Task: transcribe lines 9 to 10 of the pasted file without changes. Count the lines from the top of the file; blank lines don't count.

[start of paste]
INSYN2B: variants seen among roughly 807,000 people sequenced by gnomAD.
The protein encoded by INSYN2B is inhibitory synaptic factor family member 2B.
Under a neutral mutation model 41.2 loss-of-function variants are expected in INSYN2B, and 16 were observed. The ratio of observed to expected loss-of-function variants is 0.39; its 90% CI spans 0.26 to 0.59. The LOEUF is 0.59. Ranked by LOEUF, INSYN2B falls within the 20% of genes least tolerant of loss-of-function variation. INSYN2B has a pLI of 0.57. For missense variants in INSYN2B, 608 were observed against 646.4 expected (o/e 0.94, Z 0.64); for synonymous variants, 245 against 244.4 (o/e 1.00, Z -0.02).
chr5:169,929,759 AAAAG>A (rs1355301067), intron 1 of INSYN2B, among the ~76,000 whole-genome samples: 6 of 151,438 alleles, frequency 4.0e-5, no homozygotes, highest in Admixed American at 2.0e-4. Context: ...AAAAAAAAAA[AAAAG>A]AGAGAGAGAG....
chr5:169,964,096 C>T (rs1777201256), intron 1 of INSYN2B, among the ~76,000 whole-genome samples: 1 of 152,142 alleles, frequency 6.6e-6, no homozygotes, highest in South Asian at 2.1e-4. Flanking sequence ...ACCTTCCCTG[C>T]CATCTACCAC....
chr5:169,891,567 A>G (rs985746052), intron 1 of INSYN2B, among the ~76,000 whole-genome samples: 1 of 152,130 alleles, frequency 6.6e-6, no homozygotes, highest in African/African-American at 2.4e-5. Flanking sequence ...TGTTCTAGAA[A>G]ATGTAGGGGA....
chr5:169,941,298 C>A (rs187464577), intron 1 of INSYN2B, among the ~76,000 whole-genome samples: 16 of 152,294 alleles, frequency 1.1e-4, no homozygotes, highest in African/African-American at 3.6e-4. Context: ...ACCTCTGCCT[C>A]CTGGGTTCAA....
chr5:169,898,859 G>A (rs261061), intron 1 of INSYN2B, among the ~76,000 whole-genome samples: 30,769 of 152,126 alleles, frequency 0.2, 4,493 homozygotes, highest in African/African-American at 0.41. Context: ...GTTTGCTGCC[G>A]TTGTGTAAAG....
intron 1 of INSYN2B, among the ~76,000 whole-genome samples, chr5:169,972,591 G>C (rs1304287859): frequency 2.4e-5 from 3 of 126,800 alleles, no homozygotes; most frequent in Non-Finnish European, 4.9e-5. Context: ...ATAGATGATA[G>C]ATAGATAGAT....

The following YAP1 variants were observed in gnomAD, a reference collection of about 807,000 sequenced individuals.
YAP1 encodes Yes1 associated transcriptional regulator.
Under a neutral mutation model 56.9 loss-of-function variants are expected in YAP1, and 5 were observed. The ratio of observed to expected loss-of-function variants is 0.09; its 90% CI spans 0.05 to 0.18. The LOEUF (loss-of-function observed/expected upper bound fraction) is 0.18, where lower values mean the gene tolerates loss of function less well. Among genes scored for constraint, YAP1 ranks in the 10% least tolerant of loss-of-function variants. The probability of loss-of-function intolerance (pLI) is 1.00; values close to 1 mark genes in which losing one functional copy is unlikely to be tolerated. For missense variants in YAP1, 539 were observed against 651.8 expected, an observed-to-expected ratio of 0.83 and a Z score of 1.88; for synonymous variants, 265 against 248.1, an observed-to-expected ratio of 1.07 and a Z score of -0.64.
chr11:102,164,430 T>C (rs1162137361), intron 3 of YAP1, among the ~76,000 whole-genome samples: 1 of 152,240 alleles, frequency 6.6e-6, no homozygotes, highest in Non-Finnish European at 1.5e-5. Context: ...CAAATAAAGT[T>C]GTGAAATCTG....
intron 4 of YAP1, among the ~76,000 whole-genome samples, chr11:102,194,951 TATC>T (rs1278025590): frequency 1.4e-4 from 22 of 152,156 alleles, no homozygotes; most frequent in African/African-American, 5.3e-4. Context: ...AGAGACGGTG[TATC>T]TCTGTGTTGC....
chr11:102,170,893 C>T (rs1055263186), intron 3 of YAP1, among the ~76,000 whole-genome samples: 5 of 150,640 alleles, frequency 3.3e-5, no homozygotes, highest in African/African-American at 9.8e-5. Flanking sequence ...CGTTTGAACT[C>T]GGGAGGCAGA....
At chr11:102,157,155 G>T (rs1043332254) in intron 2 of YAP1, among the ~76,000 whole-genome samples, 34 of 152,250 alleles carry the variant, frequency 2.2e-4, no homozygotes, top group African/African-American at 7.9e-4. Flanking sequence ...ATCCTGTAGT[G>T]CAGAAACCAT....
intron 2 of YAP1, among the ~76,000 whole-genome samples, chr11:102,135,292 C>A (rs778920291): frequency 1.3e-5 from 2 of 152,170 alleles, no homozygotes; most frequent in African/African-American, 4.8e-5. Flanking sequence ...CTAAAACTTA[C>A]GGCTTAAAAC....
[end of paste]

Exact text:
intron 1 of INSYN2B, among the ~76,000 whole-genome samples, chr5:169,972,591 G>C (rs1304287859): frequency 2.4e-5 from 3 of 126,800 alleles, no homozygotes; most frequent in Non-Finnish European, 4.9e-5. Context: ...ATAGATGATA[G>C]ATAGATAGAT....

The following YAP1 variants were observed in gnomAD, a reference collection of about 807,000 sequenced individuals.